Rental Deposits Law

1. The Housing Act 2004
The Housing Act 2004 introduced major changes to the way local housing authorities enforce standards with respect to residential housing. This included a system of housing inspection which focuses on the health and safety of the occupant. Additionally, it introduced mandatory licensing for certain Houses in Multiple Occupation (HMO), Home Information Packs and provides new powers to deal with poor management of properties by landlords and empty dwellings. An important change included the introduction of the ‘Tenancy Deposit Scheme.’

2. The Housing (Tenancy Deposits) (Prescribed Information) Order 2007 Section 213(5) of the Housing Act 2004
Under section 213(5) of the Housing Act 2004, the landlord must ‘protect’ the tenant’s deposit under the ‘Tenancy Deposit Scheme’. The Tenancy Deposit Scheme (TDS) came into force for all new shorthold tenancies created on or after the 6th April 2007. It is important that Landlords and Tenants are aware of the implications.

How it works:
The deposit is paid to the landlord or letting agent as usual, and it is the landlord or agent who must organise for the deposit to be ‘protected.’ The landlord must inform the tenant within 30 days (this used to be 14 days but has changed since the implementation of the Localism Act 2011) of taking the deposit, how it has been protected. Tenants can get all or part of their deposit back if they have kept the property in good condition and meet the requirements for the return of the deposit.

Deposit Protection Schemes
These schemes are free to use. The landlord simply pays the money into the scheme until the end of the tenancy.  The landlord must also give the tenant certain (‘prescribed’) information about how the deposit has been protected. The information they must provide is contained in the Housing (Tenancy Deposits) (Prescribed Information) Order 2007 and is summarised as follows:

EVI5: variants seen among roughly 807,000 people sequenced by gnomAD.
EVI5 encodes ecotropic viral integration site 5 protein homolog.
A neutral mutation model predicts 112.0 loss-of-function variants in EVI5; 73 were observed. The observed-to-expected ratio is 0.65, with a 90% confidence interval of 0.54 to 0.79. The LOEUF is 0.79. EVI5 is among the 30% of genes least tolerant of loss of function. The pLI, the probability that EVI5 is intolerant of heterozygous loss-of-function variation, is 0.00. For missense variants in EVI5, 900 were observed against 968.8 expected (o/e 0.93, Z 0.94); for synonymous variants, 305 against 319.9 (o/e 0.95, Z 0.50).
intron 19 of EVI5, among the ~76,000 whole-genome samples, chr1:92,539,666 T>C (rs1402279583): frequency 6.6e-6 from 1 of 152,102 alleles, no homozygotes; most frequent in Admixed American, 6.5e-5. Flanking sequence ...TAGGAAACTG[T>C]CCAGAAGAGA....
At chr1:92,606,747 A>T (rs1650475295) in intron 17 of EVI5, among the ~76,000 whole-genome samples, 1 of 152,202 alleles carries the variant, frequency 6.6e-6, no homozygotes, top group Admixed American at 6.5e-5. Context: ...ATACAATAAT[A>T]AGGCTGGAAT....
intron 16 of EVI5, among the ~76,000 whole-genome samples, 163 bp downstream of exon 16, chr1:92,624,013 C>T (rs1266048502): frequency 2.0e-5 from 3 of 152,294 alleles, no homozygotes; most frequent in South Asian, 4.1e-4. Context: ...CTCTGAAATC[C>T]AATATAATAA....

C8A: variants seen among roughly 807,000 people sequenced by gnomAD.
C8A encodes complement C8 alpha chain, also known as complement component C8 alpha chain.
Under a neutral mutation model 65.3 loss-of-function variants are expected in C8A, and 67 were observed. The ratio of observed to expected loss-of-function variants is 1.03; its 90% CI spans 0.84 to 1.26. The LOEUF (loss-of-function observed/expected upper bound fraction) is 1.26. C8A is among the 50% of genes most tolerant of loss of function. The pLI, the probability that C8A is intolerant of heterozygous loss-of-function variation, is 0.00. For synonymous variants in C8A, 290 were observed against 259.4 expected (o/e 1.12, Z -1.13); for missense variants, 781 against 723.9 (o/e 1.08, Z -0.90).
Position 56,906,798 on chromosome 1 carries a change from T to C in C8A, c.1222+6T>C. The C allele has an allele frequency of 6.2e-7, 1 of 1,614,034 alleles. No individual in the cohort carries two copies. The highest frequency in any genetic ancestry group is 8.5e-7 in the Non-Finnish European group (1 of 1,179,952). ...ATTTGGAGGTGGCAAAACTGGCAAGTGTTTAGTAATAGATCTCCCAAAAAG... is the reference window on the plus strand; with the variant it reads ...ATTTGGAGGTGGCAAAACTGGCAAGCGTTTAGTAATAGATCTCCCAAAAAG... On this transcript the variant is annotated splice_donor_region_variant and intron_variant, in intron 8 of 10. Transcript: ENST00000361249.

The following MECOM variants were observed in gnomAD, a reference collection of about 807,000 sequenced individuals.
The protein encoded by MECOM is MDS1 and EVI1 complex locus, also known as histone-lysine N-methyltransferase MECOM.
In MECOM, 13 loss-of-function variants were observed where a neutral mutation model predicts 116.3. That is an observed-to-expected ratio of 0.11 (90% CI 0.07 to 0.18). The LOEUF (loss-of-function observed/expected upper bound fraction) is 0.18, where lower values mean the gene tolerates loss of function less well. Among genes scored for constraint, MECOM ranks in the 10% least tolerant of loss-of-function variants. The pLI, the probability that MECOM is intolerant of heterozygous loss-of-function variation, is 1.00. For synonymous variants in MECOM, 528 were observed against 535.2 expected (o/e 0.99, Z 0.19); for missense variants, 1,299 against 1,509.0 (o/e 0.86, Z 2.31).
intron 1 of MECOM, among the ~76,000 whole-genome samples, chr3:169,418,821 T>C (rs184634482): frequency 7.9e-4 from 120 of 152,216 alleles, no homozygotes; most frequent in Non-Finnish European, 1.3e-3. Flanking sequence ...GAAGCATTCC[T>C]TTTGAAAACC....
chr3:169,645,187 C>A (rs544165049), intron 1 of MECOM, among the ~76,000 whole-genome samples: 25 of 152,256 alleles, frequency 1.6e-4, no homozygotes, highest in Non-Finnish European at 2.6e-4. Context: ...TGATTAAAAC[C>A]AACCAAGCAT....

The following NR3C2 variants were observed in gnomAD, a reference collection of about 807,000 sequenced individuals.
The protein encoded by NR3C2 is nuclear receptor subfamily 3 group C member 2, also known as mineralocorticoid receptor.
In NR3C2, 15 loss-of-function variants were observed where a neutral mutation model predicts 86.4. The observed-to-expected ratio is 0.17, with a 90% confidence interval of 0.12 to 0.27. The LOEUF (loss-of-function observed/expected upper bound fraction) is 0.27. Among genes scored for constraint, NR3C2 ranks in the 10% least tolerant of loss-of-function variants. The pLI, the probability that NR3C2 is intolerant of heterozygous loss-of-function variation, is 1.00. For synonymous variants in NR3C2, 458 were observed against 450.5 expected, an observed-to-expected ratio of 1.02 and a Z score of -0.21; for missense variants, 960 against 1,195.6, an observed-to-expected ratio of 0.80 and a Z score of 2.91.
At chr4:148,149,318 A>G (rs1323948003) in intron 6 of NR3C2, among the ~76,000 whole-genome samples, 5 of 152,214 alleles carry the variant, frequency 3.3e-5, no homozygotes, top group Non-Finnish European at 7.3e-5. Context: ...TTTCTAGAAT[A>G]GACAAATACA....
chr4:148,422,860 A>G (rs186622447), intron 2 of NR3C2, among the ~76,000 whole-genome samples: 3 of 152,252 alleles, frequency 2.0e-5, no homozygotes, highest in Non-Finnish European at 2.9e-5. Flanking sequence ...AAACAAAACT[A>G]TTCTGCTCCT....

(a) the name, address, telephone number, e-mail address and any fax number of the scheme administrator
(b) any information contained in a leaflet supplied by the scheme administrator to the landlord
(c) the procedures that apply under the scheme relating to how the deposit is repaid at the end of the tenancy
(d) the procedures that apply under the scheme where either the landlord or the tenant is not contactable at the end of the tenancy
(e) the procedures that apply under the scheme where the landlord and the tenant dispute the amount of deposit to be repaid at the end of the tenancy
(f) the facilities available under the scheme for enabling a dispute relating to the deposit to be resolved without recourse to litigation and
(g) the following information:
(i) the amount of the deposit paid
(ii) the address of the property to which the tenancy relates
(iii) the name, address, telephone number, and any e-mail address or fax number of the landlord
(iv) the name, address, telephone number, and any e-mail address or fax number of the tenant
(v) the name, address, telephone number and any e-mail address or fax number of any relevant person
(vi) the circumstances when all or part of the deposit may be kept by the landlord (which must refer to specific circumstances in the tenancy agreement)
(vii) confirmation (in the form of a certificate signed by the landlord) that
(aa) the information he provides is accurate to the best of his knowledge and belief and
(bb) he has given the tenant the opportunity to sign a document containing the above (prescribed) information

3. Who is a Relevant Person under the Act?
A relevant person is someone who paid the deposit on behalf of the tenant, with their agreement.

4. Is Rent in Advance a Deposit?
If money is given to the landlord to pay for rent for future months (for example in the absence of a credit check) then this is not a deposit that is protected under the scheme. (see Johnson v Old).

5. What is the definition of a Deposit?
A deposit is a sum of money which acts as a guarantee against:

• damage the tenant may do to the property
• cleaning bills if the property is left in poor condition
• bills that are left unpaid, for example fuel or telephone bills
• unpaid rent.

A ‘deposit’ is defined in section 213(8) of the Housing Act 2004 as “a transfer of property intended to be held (by the landlord or otherwise) as security for:

(a) The performance of any obligations of the tenant, or
(b) The discharge of any liability of his, arising under or in connection with the tenancy.”

6. The penalties

If the landlord fails to protect the deposit under the scheme or fails to provide the prescribed information within 30 days, the tenant is entitled to claim the full sum of the deposit back from the landlord. In addition, the landlord will pay a penalty of between one to three times the value of the deposit (the amount is decided by the court.)

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